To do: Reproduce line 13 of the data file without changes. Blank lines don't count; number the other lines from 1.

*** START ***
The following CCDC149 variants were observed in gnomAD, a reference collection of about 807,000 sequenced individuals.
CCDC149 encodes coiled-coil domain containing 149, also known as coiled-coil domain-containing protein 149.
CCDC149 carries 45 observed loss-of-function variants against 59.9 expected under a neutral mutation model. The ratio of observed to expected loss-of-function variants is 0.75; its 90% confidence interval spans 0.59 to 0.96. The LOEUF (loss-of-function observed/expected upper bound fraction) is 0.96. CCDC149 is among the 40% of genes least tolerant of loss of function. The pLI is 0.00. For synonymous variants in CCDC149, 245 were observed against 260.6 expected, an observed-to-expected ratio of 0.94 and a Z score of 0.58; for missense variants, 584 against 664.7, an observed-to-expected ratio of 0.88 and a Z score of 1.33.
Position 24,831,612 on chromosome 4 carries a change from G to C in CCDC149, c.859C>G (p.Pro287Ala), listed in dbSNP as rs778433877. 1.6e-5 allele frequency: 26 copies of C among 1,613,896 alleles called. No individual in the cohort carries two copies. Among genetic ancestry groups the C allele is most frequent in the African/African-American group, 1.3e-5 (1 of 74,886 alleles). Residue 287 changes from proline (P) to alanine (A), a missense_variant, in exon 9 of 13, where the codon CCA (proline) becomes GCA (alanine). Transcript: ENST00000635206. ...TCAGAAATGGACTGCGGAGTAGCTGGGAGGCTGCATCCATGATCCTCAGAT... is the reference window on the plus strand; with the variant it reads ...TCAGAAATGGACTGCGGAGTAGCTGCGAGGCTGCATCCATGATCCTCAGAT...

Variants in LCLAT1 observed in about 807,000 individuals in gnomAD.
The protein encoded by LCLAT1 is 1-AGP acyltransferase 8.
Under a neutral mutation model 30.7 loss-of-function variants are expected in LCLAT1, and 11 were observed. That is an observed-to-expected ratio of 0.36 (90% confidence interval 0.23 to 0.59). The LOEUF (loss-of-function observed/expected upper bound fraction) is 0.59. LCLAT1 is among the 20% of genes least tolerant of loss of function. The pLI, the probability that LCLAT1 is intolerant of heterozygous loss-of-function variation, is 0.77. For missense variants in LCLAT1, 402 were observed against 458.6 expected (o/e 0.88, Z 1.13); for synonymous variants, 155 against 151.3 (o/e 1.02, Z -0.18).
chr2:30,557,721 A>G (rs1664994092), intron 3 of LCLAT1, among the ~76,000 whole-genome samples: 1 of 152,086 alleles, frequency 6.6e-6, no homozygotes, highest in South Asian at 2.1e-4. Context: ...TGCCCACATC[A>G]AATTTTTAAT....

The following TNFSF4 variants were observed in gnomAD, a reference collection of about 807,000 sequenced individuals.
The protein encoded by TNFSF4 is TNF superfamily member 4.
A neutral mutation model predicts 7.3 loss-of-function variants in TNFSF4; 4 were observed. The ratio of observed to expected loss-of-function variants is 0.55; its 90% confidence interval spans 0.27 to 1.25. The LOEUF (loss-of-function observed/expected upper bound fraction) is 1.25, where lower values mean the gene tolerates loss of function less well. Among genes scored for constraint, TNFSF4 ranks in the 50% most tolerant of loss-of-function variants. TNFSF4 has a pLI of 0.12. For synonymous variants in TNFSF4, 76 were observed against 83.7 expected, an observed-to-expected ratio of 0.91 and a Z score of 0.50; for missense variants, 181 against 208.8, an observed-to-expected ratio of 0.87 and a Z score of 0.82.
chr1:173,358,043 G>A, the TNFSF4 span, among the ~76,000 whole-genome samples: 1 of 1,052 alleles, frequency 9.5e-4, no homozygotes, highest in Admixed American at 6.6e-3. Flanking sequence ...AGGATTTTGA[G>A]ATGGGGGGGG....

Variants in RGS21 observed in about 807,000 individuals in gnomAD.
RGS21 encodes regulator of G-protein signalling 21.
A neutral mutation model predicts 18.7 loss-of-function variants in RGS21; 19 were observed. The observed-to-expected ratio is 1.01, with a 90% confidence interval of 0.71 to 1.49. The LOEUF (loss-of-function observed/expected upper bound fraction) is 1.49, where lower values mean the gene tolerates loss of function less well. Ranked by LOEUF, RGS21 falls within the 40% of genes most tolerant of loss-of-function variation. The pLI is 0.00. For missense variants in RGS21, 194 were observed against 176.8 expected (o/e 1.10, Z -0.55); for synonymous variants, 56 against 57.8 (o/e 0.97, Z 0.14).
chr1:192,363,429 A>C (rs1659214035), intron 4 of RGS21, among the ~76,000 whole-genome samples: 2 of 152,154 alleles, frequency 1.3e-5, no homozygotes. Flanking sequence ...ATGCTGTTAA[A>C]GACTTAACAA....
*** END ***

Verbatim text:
Variants in RGS21 observed in about 807,000 individuals in gnomAD.